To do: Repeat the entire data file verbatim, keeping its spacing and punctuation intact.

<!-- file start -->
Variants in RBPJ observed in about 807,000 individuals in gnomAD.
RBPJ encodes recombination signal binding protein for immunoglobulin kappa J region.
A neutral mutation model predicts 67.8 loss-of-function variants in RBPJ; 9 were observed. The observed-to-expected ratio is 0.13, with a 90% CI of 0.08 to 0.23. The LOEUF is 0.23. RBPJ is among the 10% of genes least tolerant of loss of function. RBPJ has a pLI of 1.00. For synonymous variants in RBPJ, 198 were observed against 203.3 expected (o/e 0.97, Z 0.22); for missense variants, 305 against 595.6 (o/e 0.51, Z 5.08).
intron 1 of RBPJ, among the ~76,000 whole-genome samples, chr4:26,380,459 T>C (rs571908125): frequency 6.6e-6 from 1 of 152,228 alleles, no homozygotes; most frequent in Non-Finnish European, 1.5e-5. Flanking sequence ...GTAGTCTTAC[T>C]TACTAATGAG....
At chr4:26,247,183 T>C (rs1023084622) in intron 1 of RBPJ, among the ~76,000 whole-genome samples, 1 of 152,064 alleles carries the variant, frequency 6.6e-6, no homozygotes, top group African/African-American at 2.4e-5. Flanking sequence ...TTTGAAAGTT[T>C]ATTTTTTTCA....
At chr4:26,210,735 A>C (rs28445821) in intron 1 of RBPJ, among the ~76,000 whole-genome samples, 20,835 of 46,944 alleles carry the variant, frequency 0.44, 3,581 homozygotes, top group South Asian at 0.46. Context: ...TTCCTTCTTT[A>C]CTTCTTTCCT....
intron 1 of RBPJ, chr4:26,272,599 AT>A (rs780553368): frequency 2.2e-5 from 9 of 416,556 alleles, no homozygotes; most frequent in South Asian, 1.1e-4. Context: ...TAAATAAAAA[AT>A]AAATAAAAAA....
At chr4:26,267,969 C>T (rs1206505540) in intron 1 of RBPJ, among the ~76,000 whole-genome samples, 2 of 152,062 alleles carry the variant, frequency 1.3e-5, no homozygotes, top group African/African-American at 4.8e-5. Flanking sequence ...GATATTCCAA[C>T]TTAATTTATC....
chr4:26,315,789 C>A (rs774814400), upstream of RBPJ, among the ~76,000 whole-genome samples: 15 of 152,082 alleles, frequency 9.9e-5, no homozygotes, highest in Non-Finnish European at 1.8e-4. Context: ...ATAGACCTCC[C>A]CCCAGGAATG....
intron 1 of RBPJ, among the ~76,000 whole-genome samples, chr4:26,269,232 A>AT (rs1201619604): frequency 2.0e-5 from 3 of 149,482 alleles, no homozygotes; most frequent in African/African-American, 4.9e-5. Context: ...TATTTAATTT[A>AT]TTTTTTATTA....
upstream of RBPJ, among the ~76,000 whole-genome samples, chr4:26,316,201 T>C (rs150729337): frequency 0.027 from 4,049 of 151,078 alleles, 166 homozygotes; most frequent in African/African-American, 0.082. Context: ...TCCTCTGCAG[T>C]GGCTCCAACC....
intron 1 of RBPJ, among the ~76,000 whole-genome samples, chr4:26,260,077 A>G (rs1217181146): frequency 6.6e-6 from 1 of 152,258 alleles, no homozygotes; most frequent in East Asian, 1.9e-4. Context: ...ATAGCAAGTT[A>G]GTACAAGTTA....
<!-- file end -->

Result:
Variants in RBPJ observed in about 807,000 individuals in gnomAD.
RBPJ encodes recombination signal binding protein for immunoglobulin kappa J region.
A neutral mutation model predicts 67.8 loss-of-function variants in RBPJ; 9 were observed. The observed-to-expected ratio is 0.13, with a 90% CI of 0.08 to 0.23. The LOEUF is 0.23. RBPJ is among the 10% of genes least tolerant of loss of function. RBPJ has a pLI of 1.00. For synonymous variants in RBPJ, 198 were observed against 203.3 expected (o/e 0.97, Z 0.22); for missense variants, 305 against 595.6 (o/e 0.51, Z 5.08).
intron 1 of RBPJ, among the ~76,000 whole-genome samples, chr4:26,380,459 T>C (rs571908125): frequency 6.6e-6 from 1 of 152,228 alleles, no homozygotes; most frequent in Non-Finnish European, 1.5e-5. Flanking sequence ...GTAGTCTTAC[T>C]TACTAATGAG....
At chr4:26,247,183 T>C (rs1023084622) in intron 1 of RBPJ, among the ~76,000 whole-genome samples, 1 of 152,064 alleles carries the variant, frequency 6.6e-6, no homozygotes, top group African/African-American at 2.4e-5. Flanking sequence ...TTTGAAAGTT[T>C]ATTTTTTTCA....
At chr4:26,210,735 A>C (rs28445821) in intron 1 of RBPJ, among the ~76,000 whole-genome samples, 20,835 of 46,944 alleles carry the variant, frequency 0.44, 3,581 homozygotes, top group South Asian at 0.46. Context: ...TTCCTTCTTT[A>C]CTTCTTTCCT....
intron 1 of RBPJ, chr4:26,272,599 AT>A (rs780553368): frequency 2.2e-5 from 9 of 416,556 alleles, no homozygotes; most frequent in South Asian, 1.1e-4. Context: ...TAAATAAAAA[AT>A]AAATAAAAAA....
At chr4:26,267,969 C>T (rs1206505540) in intron 1 of RBPJ, among the ~76,000 whole-genome samples, 2 of 152,062 alleles carry the variant, frequency 1.3e-5, no homozygotes, top group African/African-American at 4.8e-5. Flanking sequence ...GATATTCCAA[C>T]TTAATTTATC....
chr4:26,315,789 C>A (rs774814400), upstream of RBPJ, among the ~76,000 whole-genome samples: 15 of 152,082 alleles, frequency 9.9e-5, no homozygotes, highest in Non-Finnish European at 1.8e-4. Context: ...ATAGACCTCC[C>A]CCCAGGAATG....
intron 1 of RBPJ, among the ~76,000 whole-genome samples, chr4:26,269,232 A>AT (rs1201619604): frequency 2.0e-5 from 3 of 149,482 alleles, no homozygotes; most frequent in African/African-American, 4.9e-5. Context: ...TATTTAATTT[A>AT]TTTTTTATTA....
upstream of RBPJ, among the ~76,000 whole-genome samples, chr4:26,316,201 T>C (rs150729337): frequency 0.027 from 4,049 of 151,078 alleles, 166 homozygotes; most frequent in African/African-American, 0.082. Context: ...TCCTCTGCAG[T>C]GGCTCCAACC....
intron 1 of RBPJ, among the ~76,000 whole-genome samples, chr4:26,260,077 A>G (rs1217181146): frequency 6.6e-6 from 1 of 152,258 alleles, no homozygotes; most frequent in East Asian, 1.9e-4. Context: ...ATAGCAAGTT[A>G]GTACAAGTTA....